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"Dedicated to the countless thousands of men and women who fled the bonds of slavery but were recaptured or died at the hands of their pursuers before they reached the safe embrace of the Underground Railroad.  They are not forgotten."

Maine Freedom Trails, Inc
P.O. Box 342
Portland, maine 04112


Portland Freedom Trail

The Portland Freedom Trail is public and easily accesable.

download a .pdf of the Walking Tour Map

Franklin Peir

Friends Meeting House
| download a .pdf of the Walking Tour Map|



1. Franklin Street Wharf
Casco Bay Lines
2. Barber Shop of Jacob C. Dickson
243 Fore Street
3. Hack Stand of Charles H. L. Pierre
29 Middle Street
4. Abyssinian Meeting House
73 Newbury Street
5. Home of Charles  Frederick, Harriet Stephenson Eastman, and Alexander Stephenson
Corner of Mountfort and Newbury Streets
6. Eastern Cemetery
Corner of Congress and Mountfort Streets
7. Home of Elias and Elizabeth Widgery Thomas
Corner of India and Congress Streets
8. Home of General Samuel C. Fessenden
31 India Street
9. Friends (Quaker) Meeting House
Lincoln Park corner of Federal and Pearl Streets
10. Hack Stand of Reuben Ruby
Corner of Federal and Temple Streets
11. First Parish Unitarian Universalist Church    
425 Congress Street

12. Secondhand Clothing Store of Lloyd Scott
44 Exchange Street
Mariners' Church 13. Mariners' Church
Corner of Fore and  Market Streets






The trail, currently comprised of sixteen marked sites, recognizes people associated with the Underground Railroad and anti-slavery movement in Portland.

Corner of Fore and Union Streets
ThurstonFormer home of Deacon Brown Thurston, which served as an Underground Railroad station and safe house for freedom seekers, Deacon Thurston was an anti-slavery activist. 

Corner of Congress and North Streets
EastmanOne of the barbershops owned by Charles Frederick Eastman, an African American entrepreneur and anti-slavery activist. 


Corner of Hancock and Federal Streets
Amos Noe FreemanFormer home of the Rev. Amos Noe Freeman, first called Reverend of the Abyssinian Church, and Christiana Williams Freeman, anti-slavery activists and station masters on the Underground Railroad. 



The City of Portland officially proclaimed the establishment of the Portland Freedom Trail on November 9, 2006 with the installation of a granite and bronze marker at the Eastern Cemetery.  The cemetery was chosen as the first site to be unveiled on the trail in honor of the final resting place of many of Portland’s abolitionist leaders.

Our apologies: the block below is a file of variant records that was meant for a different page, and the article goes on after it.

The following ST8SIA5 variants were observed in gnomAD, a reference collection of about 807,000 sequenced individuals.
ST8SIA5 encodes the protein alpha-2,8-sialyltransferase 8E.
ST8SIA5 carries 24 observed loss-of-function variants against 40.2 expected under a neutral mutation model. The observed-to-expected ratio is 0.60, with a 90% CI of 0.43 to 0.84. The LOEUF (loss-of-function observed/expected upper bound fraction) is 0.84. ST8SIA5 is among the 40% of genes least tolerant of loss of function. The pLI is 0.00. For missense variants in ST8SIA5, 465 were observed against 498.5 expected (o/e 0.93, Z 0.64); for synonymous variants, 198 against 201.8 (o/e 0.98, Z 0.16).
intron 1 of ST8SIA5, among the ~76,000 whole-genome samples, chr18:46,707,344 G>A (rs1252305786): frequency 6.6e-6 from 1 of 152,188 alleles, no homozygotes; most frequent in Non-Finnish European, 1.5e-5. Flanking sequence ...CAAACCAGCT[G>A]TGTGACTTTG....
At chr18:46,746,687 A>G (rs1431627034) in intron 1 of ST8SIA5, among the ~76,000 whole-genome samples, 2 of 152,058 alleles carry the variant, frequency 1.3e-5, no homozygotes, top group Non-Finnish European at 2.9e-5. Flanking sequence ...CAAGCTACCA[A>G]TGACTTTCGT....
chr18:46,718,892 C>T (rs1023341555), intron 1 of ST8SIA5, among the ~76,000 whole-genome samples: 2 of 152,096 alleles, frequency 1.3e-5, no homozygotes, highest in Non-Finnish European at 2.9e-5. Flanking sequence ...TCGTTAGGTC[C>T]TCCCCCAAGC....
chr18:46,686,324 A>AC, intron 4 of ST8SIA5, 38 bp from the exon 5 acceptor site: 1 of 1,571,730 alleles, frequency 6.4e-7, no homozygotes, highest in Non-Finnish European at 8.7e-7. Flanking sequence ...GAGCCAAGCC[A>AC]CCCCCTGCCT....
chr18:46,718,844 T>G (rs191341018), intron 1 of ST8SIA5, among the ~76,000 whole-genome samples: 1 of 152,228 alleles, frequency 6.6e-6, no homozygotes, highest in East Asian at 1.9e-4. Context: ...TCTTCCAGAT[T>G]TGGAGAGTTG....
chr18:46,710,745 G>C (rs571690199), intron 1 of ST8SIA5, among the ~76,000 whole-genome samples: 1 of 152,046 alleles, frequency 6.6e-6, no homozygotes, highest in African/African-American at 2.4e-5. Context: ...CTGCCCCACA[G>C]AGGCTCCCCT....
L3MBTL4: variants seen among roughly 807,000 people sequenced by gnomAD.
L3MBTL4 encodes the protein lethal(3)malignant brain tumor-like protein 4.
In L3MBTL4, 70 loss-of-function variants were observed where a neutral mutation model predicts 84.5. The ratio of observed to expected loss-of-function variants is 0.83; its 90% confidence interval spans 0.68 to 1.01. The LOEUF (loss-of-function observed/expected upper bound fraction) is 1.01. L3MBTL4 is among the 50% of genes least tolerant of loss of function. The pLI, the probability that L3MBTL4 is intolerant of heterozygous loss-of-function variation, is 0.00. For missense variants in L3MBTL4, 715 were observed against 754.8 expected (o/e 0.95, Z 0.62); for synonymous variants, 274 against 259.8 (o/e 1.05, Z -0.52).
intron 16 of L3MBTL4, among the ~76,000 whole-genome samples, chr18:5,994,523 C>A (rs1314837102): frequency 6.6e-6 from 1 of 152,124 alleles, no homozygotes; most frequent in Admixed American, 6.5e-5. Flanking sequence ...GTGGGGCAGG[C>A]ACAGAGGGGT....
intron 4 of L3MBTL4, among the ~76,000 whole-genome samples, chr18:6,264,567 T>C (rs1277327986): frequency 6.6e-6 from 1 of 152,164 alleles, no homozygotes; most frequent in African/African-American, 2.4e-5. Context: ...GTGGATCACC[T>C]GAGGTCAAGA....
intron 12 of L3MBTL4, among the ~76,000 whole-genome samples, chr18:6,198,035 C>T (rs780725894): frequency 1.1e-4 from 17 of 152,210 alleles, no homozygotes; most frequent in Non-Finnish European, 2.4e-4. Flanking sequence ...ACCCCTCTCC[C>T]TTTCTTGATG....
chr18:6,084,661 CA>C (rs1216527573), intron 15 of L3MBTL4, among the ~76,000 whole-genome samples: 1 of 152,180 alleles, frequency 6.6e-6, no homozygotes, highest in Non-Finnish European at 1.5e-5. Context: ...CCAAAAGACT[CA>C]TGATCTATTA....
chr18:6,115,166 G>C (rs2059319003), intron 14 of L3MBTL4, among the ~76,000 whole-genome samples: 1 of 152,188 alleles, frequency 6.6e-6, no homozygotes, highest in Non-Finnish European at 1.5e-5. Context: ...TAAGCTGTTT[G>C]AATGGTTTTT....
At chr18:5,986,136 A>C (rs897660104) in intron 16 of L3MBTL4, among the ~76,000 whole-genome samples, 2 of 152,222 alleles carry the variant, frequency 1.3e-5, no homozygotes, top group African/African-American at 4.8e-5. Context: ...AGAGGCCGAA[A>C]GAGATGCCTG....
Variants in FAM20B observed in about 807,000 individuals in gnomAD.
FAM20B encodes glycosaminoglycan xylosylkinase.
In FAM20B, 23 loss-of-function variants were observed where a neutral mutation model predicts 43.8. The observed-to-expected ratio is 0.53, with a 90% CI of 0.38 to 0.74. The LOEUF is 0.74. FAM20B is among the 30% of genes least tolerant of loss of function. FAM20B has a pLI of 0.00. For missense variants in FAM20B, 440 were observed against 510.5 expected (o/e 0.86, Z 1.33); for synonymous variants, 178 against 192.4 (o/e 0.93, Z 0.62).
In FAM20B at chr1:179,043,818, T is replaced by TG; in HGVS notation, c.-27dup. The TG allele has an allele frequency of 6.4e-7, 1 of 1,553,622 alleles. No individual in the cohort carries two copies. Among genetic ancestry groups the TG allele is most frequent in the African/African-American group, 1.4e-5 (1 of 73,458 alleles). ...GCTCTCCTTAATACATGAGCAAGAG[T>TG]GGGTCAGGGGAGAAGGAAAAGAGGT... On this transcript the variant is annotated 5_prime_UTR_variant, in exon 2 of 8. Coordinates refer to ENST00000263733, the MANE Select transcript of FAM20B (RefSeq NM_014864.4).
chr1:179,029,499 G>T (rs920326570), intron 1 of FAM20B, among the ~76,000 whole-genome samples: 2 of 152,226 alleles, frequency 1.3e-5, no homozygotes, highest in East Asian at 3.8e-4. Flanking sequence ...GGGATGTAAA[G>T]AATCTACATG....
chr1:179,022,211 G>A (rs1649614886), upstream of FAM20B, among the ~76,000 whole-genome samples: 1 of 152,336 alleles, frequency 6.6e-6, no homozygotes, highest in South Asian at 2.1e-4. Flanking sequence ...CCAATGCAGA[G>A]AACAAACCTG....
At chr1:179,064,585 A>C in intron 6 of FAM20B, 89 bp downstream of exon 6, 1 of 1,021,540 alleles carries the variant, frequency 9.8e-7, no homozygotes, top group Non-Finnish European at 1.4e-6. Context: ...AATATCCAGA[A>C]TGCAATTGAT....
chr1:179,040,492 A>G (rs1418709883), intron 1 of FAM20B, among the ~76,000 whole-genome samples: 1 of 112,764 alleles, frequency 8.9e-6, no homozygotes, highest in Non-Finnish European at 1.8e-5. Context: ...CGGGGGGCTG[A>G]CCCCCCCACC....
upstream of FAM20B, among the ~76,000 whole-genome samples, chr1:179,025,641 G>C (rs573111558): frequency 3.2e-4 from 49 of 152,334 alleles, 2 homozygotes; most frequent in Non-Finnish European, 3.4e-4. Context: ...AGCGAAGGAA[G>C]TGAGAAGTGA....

The marker is one of sixteen that will constitute a permanent walking trail highlighting the people, places, events and daily life associated with the Underground Railroad and anti-slavery movement in Portland. 

The trail represents the first project of the Maine Freedom Trails, Inc., a non-profit organization dedicated to:

Establishing a network of marked sites across the state that acknowledge individual, organizational and community participation in the Underground Railroad and abolitionist movement;

Linking the state’s network of sites to national Underground Railroad routes and the related activities of the National Park Service;

Producing materials related to this period of Maine’s history;

Engaging the community in the ongoing research, identification and documentation of the Underground Railroad and anti-slavery movement in Maine to best interpret, commemorate and preserve this legacy;

Advancing the public discourse on the many struggles for social justice, economic justice and human rights – past and present – thereby connecting the history of the Underground Railroad to global movements for freedom; and

Collaborating with other efforts to preserve Maine’s African American history and culture;

Plans are to officially dedicate the Portland Freedom Trail on July 14, 2007 at a ceremony in Lincoln Park, Portland. 

Portland Freedom Trail
P.O. Box 342
Portland, ME 04112

Daniel Minter
Rachel Talbot Ross
Wells Staley-Mays
Dawud Ummah


William Barry,
Maine Historical Society

Bishop Steve Coleman,
Williams Temple C.O.G.I.C

Barbara Coswell,
Allen Ave. Unitarian Universalist Church

Delene Perley,
Allen Ave. Unitarian Universalist Church

Nan Cumming,
Portland Trails

Valerie Cunningham,
Portsmouth Black Heritage Trail

Rev. Kenneth Lewis,
Green Memorial AME Zion Church

Rev. Jeff McIlwain,
North Star AME Zion Church

June McKenzie,
NAACP Portland Branch   

Robert Quartano,
Neal Dow House

Governor John Baldacci
Victoria Rowell
U.S. Senator Olympia J. Snowe
U.S. Congressman Tom Allen
Mayor Nicholas M. Mavadones, Jr.
Ashley Bryan
James Oliver Horton
Gerald Talbot

Possible sites
Current research indicates there are possibly seventy-five  Underground Railroad sites throughout Maine. In Portland, several well-documented Underground Railroad and anti-slavery sites not only tell the history of the abolitionist movement but also articulate the African American educational, religious, cultural, and social experience.